Direct Elicitation of Credit Constraints: Conceptual and Practical Issues with an Application to Peruvian Agriculture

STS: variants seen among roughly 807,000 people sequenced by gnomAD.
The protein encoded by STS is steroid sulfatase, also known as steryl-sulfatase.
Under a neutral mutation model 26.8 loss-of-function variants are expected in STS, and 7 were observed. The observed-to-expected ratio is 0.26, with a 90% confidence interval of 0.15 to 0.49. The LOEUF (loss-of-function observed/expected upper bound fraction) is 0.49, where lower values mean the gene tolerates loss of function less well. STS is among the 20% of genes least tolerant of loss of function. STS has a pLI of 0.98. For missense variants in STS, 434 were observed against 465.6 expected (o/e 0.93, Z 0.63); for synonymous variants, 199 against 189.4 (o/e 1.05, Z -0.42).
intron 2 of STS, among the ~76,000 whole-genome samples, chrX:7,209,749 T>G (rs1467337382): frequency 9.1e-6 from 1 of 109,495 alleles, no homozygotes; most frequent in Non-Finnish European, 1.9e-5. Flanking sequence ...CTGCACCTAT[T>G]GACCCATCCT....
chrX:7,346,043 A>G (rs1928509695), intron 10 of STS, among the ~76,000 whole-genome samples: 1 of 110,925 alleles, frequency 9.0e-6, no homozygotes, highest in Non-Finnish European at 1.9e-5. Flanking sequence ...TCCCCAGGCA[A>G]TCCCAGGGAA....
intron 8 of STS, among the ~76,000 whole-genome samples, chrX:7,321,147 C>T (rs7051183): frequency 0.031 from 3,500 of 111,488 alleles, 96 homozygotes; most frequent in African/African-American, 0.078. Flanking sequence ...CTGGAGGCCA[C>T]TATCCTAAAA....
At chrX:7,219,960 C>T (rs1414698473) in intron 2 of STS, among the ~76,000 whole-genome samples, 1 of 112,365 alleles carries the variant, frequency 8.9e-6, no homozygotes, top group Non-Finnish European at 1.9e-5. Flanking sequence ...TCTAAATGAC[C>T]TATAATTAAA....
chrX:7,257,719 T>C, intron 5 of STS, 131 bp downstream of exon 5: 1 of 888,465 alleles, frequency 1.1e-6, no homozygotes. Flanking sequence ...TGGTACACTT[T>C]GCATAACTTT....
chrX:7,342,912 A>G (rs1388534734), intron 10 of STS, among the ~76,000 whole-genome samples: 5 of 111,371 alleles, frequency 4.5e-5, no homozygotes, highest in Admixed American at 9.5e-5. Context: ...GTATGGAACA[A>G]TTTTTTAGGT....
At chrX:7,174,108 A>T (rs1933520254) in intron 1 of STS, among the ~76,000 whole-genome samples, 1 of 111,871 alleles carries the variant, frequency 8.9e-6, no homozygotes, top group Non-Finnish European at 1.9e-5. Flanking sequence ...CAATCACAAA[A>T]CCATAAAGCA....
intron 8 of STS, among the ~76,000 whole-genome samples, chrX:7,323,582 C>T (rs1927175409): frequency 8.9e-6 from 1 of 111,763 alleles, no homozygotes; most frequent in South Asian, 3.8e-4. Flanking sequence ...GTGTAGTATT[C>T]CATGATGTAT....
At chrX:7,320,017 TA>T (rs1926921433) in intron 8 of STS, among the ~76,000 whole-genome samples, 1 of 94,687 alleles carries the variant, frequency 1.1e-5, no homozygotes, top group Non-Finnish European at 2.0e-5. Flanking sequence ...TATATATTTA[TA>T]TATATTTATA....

This article provides a methodological bridge leading from the well-developed theory of credit rationing to the less developed territory of empirically identifying credit constraints. We begin by developing a simple model showing that credit constraints may take three forms: quantity rationing, transaction cost rationing, and risk rationing. Each form adversely affects household resource allocation and thus should be accounted for in empirical analyses of credit market performance. We outline a survey strategy to directly elicit households' status as unconstrained or constrained in the credit market and, if constrained, to further identify which of the three nonprice rationing mechanisms is at play. We discuss several practical issues that arise due to the use of a combination of "factual" and "interpretative" survey questions. Finally, using a farm-level data set from Peru, we illustrate how the methodology can be used to estimate the impacts of credit constraints. (c) 2009 by The University of Chicago. All rights reserved.
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